Posted on February 9, 2014
Posted on February 4, 2014
Whenever I hear of an artist dying, somewhere within those first few moments of disbelief my mind takes me straight to the fact that they will no longer be able to do “their thing” and we will never see them in another movie or play, hear another song, see another photograph etc. Every time I see something about Philip Seymour Hoffman’s passing it’s hard for me to grasp that he is gone. I took these photos of him while covering the 2009 Writer’s Guild East Awards Ceremony where Mr. Hoffman was presenting John Patrick Shanley, the author of Doubt, with an award. Before presenting Shanley with his award, Hoffman stood at the back of the theater about ten feet away from me. I’m never interested in meeting famous people but I remember wanting to quietly tell him that his performance in Synecdoche, New York was brilliant and that the movie made quite an impression on me, (the type of movie you think about for days after seeing). We exchanged glances a few times but ultimately I decided to be respectful of his space and not approach him. Regardless, out of all of the celebrities there that evening it didn’t matter to me, as far as I was concerned I was in the presence of one of the greatest actors of all time. We are fortunate to have had him for the few years we did but I must say that it is so fucking sad to think of someone so talented and so loved dying alone, ultimately killed by the demons he’s battled for many years. I keep thinking of the song “Trouble” by Cat Stevens and the 2008 New York Times Magazine profile of Hoffman where he said, “and I put on the Cat Stevens song, ‘Trouble.’ You know, ‘Trouble set me free.’ What a great song! I had forgotten. A lot of times, a song will let you down halfway through, but that song is great to the very end.”
Posted on August 27, 2013
Even though I was probably a bit rushed when placing my order at Starbucks these images really caught my eye, and I guess off the top of my head I would say personally it’s because I love portraits and color, but there is also a sense of a true moment being captured in the work that sparked my interest. So much so that I decided to contact the artist to see if she wouldn’t mind talking about her work a bit so that I could share it on my blog. The artist is eighteen-year old Lexi Karafelis who just graduated Conard high-school in West Hartford, CT and is now attending Pratt Institute on a presidential merit scholarship in graphic communications.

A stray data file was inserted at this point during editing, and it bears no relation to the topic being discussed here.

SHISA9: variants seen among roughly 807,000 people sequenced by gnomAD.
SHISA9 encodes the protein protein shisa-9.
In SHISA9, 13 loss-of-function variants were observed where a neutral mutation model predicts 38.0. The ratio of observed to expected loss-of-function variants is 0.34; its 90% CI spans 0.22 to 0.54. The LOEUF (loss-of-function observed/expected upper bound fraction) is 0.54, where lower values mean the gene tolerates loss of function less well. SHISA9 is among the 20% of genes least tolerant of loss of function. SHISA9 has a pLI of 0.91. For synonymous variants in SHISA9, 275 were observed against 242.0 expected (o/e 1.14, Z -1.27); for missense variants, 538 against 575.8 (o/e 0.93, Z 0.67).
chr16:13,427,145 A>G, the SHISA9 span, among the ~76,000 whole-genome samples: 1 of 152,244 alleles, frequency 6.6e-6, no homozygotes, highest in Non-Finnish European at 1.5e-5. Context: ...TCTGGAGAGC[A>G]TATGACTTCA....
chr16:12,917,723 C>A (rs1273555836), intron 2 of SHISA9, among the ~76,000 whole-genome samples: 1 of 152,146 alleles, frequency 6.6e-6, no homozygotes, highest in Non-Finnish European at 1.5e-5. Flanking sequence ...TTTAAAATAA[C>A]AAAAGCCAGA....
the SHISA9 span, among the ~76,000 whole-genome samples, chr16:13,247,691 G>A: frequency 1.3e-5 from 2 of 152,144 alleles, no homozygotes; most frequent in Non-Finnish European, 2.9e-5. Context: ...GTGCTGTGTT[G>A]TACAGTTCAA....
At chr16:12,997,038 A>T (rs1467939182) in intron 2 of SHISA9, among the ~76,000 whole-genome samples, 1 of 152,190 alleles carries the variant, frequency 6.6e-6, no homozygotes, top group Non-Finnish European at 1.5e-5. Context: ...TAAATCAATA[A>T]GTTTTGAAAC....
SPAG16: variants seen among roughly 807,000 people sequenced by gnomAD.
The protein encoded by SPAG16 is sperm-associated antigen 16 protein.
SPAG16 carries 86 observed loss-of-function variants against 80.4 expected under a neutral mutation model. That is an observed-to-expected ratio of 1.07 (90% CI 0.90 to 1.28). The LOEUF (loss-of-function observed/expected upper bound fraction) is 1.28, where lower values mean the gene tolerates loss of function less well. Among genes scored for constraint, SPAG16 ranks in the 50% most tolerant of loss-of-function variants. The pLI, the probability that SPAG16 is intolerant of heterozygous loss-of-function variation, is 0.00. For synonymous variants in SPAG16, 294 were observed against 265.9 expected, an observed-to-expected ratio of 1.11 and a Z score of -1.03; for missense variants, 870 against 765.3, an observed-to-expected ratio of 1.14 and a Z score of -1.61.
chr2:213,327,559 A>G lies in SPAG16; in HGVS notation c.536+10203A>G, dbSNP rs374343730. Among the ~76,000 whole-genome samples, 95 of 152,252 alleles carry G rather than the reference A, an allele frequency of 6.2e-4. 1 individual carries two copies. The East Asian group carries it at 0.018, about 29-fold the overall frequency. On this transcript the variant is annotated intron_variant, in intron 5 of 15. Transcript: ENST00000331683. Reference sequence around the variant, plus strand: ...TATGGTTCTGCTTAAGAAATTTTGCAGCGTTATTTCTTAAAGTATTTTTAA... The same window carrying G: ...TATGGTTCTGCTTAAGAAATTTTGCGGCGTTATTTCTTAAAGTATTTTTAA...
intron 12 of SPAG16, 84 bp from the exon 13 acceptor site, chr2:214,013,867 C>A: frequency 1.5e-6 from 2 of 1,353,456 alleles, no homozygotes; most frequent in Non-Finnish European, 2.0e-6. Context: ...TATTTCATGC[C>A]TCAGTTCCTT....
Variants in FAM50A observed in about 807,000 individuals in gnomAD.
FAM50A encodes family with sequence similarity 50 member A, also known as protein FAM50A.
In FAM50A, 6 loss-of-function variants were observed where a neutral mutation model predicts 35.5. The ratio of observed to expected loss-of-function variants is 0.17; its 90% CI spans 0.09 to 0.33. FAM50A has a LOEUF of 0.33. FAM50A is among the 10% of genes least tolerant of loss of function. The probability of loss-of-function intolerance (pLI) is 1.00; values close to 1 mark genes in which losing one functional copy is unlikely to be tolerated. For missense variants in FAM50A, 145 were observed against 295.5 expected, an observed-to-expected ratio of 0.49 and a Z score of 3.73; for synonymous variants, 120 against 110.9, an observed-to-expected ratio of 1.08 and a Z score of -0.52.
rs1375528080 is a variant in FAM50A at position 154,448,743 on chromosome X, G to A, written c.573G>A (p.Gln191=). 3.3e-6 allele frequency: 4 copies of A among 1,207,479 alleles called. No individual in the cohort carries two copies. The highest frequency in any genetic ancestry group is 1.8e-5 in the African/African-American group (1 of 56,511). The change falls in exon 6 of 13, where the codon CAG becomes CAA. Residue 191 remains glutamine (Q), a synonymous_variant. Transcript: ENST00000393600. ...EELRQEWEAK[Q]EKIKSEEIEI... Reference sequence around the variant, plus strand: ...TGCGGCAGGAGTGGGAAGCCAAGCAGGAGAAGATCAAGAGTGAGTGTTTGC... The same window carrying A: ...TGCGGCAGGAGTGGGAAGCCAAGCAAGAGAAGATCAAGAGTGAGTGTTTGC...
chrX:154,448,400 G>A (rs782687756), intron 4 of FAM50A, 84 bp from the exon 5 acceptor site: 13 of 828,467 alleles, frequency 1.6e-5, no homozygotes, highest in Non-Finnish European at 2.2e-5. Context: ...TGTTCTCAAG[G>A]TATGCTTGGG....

Lou Russo: Why do you paint?
Lexi Karafelis: “I guess you could say the reason I create is because I love the complicated individuality of each person and how it is shown on their face and in their body language.”
LR: Tell me about these four portraits.
LK: “The four portraits are a small series I decided to create in my spare time this summer, they’re all actors, but it was their characters that persuaded me to draw them. All of these characters are facing a dilemma in these moments, each person portrayed is dealing with them in individual ways.”
LR: Talk about your use of color and light in these portraits.
LK: “The colors of each portrait contributes to the portrayal of each individual. I used warmer colors to convey passion, and cooler hues to portray levelheadedness. The larger the spectrum of colors, the more complicated the emotions of that person may be.”
LK: “Lighting was also important. In these four portraits one side of the face is mostly illuminated with natural and opaque while the other remains dark, or is subject to unnatural tones. This is where I wanted to illustrate that everyone has their armor, but only certain people will let some of those dark tones leak through.”
Posted on July 18, 2013